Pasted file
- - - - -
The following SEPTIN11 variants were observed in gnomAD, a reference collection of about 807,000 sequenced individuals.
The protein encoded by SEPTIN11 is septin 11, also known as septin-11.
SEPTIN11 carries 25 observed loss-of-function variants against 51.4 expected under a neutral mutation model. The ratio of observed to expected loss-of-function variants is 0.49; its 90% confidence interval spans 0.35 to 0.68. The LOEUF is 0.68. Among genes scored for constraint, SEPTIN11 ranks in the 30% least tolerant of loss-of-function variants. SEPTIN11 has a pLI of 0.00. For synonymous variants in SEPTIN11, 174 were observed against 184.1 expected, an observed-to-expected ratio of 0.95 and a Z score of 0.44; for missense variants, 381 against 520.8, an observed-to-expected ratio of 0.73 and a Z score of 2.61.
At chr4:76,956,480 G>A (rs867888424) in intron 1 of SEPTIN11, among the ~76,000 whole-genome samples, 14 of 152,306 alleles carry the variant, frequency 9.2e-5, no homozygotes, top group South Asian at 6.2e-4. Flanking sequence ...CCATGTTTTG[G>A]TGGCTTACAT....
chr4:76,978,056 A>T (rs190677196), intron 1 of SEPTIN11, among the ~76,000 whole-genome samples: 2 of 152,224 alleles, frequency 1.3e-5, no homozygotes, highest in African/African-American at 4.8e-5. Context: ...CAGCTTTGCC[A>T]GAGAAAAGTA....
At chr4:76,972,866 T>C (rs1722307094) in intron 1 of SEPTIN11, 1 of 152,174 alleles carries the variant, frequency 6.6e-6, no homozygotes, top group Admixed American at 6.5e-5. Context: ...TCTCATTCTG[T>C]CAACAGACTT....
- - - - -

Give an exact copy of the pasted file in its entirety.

The following SEPTIN11 variants were observed in gnomAD, a reference collection of about 807,000 sequenced individuals.
The protein encoded by SEPTIN11 is septin 11, also known as septin-11.
SEPTIN11 carries 25 observed loss-of-function variants against 51.4 expected under a neutral mutation model. The ratio of observed to expected loss-of-function variants is 0.49; its 90% confidence interval spans 0.35 to 0.68. The LOEUF is 0.68. Among genes scored for constraint, SEPTIN11 ranks in the 30% least tolerant of loss-of-function variants. SEPTIN11 has a pLI of 0.00. For synonymous variants in SEPTIN11, 174 were observed against 184.1 expected, an observed-to-expected ratio of 0.95 and a Z score of 0.44; for missense variants, 381 against 520.8, an observed-to-expected ratio of 0.73 and a Z score of 2.61.
At chr4:76,956,480 G>A (rs867888424) in intron 1 of SEPTIN11, among the ~76,000 whole-genome samples, 14 of 152,306 alleles carry the variant, frequency 9.2e-5, no homozygotes, top group South Asian at 6.2e-4. Flanking sequence ...CCATGTTTTG[G>A]TGGCTTACAT....
chr4:76,978,056 A>T (rs190677196), intron 1 of SEPTIN11, among the ~76,000 whole-genome samples: 2 of 152,224 alleles, frequency 1.3e-5, no homozygotes, highest in African/African-American at 4.8e-5. Context: ...CAGCTTTGCC[A>T]GAGAAAAGTA....
At chr4:76,972,866 T>C (rs1722307094) in intron 1 of SEPTIN11, 1 of 152,174 alleles carries the variant, frequency 6.6e-6, no homozygotes, top group Admixed American at 6.5e-5. Context: ...TCTCATTCTG[T>C]CAACAGACTT....